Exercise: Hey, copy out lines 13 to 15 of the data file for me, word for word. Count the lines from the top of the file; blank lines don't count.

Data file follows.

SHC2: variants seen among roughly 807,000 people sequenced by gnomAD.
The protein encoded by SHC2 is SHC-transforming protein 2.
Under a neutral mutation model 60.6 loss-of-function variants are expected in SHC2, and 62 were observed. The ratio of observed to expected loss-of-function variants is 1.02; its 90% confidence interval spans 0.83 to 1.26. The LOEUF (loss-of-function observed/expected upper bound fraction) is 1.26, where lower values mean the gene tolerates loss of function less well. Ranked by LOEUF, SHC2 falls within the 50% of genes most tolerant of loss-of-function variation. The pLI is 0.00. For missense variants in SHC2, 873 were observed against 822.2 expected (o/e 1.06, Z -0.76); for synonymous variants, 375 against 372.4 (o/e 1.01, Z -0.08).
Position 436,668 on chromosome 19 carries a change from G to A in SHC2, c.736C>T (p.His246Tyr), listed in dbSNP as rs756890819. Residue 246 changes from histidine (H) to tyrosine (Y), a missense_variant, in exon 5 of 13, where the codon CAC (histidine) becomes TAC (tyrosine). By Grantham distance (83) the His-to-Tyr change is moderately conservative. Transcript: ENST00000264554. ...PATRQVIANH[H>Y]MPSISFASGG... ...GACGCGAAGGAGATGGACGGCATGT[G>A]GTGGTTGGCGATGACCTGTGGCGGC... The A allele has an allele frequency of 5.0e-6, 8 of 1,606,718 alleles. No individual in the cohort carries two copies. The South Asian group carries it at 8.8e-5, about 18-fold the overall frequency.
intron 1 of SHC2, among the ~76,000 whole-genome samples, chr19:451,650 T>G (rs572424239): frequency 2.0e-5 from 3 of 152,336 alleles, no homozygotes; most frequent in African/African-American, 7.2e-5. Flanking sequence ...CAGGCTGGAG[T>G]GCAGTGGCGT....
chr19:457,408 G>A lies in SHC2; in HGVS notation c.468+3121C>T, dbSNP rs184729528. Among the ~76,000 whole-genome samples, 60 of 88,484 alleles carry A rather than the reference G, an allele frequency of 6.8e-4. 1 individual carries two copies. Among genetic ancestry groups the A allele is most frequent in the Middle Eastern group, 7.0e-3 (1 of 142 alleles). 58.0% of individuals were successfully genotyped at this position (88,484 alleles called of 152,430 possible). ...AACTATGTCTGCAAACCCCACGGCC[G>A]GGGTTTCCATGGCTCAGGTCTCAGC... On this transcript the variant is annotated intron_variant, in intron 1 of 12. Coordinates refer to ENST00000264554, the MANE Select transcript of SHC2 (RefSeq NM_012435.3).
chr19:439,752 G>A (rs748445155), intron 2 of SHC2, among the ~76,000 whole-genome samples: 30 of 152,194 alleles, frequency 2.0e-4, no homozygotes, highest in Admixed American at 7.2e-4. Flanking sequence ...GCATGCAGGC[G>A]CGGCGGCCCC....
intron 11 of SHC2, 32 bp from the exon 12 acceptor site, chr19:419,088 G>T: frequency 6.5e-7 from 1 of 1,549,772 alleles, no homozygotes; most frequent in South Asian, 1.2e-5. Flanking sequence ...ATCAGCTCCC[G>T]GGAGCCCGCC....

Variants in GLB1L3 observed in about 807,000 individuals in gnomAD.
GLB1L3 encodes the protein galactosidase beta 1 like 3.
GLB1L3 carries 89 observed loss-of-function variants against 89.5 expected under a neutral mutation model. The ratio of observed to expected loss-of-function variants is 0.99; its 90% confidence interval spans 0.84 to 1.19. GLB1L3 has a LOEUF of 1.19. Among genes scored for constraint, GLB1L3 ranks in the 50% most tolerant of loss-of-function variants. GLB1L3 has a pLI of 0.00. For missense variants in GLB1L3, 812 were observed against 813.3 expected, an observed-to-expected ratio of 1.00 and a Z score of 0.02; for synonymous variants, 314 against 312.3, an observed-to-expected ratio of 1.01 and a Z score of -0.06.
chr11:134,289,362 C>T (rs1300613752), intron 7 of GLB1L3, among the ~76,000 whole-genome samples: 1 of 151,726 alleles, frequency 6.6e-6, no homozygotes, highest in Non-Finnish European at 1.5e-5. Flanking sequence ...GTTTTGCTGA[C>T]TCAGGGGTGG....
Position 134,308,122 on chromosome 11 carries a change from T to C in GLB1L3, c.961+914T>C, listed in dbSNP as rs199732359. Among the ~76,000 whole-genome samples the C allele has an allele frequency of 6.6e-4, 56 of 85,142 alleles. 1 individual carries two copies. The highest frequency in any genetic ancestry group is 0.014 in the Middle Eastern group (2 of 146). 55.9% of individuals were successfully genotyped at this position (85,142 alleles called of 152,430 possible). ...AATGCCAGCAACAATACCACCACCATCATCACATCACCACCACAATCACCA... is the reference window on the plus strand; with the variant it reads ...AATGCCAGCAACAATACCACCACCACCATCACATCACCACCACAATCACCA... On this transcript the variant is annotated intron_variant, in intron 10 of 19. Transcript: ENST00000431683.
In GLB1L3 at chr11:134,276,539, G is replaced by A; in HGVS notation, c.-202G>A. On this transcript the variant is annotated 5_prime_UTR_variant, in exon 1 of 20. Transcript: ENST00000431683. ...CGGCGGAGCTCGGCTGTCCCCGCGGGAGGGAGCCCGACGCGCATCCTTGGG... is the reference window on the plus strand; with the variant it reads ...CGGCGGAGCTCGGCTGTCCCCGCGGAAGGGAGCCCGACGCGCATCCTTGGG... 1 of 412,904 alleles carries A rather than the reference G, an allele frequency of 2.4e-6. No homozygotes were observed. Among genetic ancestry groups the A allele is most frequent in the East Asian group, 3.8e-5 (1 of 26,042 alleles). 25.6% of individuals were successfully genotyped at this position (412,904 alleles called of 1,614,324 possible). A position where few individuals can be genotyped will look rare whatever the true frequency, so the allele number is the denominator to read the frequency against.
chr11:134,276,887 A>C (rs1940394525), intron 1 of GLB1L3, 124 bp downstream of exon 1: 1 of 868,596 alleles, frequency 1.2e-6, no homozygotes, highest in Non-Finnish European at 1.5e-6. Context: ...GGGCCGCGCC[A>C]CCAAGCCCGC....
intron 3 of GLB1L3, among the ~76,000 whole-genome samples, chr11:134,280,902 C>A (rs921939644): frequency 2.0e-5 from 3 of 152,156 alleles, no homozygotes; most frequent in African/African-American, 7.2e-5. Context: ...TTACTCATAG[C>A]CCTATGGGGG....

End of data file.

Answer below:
Position 134,308,122 on chromosome 11 carries a change from T to C in GLB1L3, c.961+914T>C, listed in dbSNP as rs199732359. Among the ~76,000 whole-genome samples the C allele has an allele frequency of 6.6e-4, 56 of 85,142 alleles. 1 individual carries two copies. The highest frequency in any genetic ancestry group is 0.014 in the Middle Eastern group (2 of 146). 55.9% of individuals were successfully genotyped at this position (85,142 alleles called of 152,430 possible). ...AATGCCAGCAACAATACCACCACCATCATCACATCACCACCACAATCACCA... is the reference window on the plus strand; with the variant it reads ...AATGCCAGCAACAATACCACCACCACCATCACATCACCACCACAATCACCA... On this transcript the variant is annotated intron_variant, in intron 10 of 19. Transcript: ENST00000431683.
In GLB1L3 at chr11:134,276,539, G is replaced by A; in HGVS notation, c.-202G>A. On this transcript the variant is annotated 5_prime_UTR_variant, in exon 1 of 20. Transcript: ENST00000431683. ...CGGCGGAGCTCGGCTGTCCCCGCGGGAGGGAGCCCGACGCGCATCCTTGGG... is the reference window on the plus strand; with the variant it reads ...CGGCGGAGCTCGGCTGTCCCCGCGGAAGGGAGCCCGACGCGCATCCTTGGG... 1 of 412,904 alleles carries A rather than the reference G, an allele frequency of 2.4e-6. No homozygotes were observed. Among genetic ancestry groups the A allele is most frequent in the East Asian group, 3.8e-5 (1 of 26,042 alleles). 25.6% of individuals were successfully genotyped at this position (412,904 alleles called of 1,614,324 possible). A position where few individuals can be genotyped will look rare whatever the true frequency, so the allele number is the denominator to read the frequency against.
chr11:134,276,887 A>C (rs1940394525), intron 1 of GLB1L3, 124 bp downstream of exon 1: 1 of 868,596 alleles, frequency 1.2e-6, no homozygotes, highest in Non-Finnish European at 1.5e-6. Context: ...GGGCCGCGCC[A>C]CCAAGCCCGC....